Windows are a key component of every home, not just for light, fresh air and aesthetics, but also as an essential element of the building envelope’s performance. The changes to part L1 of the Building Regulations in 2002 have expanded the market for high performance windows in the UK. Canadians, due to their rigorous climate, have been developing and installing these windows in their homes for the past 20 years.

Canada’s industry began pursuing export markets more vigorously in the early 1990s. Over the past decade, total window exports have increased six-fold, with the main destinations being the US and Japan. The UK is currently Canada’s fourth largest window market, the most popular styles being wood frames clad in aluminum or vinyl.

From a Canadian perspective, the levels of new construction and replacement activity in the UK are strong and sustained. The demand for high-performance windows has increased in response to new energy efficiency requirements. In addition, currency exchange rates are favourable and the business culture is similar.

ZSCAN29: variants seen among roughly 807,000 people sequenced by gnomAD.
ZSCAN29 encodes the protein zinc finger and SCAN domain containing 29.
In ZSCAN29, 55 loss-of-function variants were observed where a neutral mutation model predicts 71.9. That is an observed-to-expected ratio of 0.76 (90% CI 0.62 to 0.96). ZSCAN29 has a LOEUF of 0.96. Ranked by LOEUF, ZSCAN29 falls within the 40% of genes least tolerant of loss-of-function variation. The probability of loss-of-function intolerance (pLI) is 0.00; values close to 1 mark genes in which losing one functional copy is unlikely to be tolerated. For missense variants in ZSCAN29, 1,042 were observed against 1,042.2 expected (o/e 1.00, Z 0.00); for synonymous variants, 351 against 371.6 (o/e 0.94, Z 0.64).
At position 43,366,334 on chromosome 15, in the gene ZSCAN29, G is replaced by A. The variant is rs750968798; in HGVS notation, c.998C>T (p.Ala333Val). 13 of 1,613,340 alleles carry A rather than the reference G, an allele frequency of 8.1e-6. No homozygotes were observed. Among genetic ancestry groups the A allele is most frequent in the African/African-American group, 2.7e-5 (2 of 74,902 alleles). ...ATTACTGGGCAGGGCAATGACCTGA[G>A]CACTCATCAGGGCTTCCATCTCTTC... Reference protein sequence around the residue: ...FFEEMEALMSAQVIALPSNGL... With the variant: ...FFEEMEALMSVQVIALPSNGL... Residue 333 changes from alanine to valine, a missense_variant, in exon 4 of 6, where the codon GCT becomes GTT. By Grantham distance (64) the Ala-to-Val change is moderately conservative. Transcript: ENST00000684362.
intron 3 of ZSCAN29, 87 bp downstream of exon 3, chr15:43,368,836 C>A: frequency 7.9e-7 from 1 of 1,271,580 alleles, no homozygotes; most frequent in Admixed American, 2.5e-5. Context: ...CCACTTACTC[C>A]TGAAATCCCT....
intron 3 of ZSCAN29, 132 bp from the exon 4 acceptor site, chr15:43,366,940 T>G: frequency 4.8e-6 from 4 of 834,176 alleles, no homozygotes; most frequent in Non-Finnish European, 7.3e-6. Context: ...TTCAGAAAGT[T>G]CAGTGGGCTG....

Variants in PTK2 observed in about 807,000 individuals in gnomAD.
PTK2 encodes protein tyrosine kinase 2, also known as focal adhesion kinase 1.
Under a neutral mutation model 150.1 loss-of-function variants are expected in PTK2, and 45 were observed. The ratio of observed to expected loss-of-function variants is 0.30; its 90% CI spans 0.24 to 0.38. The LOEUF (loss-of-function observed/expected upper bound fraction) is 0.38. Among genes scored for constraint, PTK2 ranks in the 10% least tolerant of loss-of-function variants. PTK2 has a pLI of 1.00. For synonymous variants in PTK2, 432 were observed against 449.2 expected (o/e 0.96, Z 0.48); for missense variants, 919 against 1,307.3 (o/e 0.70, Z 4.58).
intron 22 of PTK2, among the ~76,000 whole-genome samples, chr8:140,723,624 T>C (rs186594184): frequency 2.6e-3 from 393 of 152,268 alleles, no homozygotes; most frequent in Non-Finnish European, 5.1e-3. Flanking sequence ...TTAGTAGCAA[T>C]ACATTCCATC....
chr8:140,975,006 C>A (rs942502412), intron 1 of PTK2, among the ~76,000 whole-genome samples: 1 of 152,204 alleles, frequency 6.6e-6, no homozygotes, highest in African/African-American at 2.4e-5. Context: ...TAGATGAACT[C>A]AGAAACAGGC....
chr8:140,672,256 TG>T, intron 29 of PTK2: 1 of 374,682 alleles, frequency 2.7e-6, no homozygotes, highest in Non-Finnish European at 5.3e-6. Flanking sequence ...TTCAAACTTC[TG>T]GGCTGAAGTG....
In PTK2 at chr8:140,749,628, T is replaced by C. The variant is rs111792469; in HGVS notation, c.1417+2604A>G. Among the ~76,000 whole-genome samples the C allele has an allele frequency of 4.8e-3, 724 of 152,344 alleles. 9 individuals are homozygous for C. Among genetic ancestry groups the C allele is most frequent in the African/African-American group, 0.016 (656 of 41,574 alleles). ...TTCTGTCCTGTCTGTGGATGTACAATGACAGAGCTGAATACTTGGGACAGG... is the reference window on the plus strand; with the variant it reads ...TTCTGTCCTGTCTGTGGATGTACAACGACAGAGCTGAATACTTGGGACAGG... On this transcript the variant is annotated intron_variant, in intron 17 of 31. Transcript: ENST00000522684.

Another factor for some is the Super E Program, of which high-performance windows are a key component.

The Canadian government commissioned a study in 2001 to compare the Canadian window standard, Canadian Standards Association A440, with the relevant UK standards, BS 6375 and BS 5368. It found that for the three key performance characteristics – airtightness, watertightness and wind resistance – the lowest Canadian performance level meets or exceeds the minimum UK requirements, while the highest Canadian level goes considerably beyond the highest UK level.

As a result of this study, the Canadian government is currently funding the joint testing of a sample of Canadian windows by the British Board of Agrément and the Canadian Construction Materials Centre to determine whether the certification of windows meeting the CSA standard could be fast-tracked.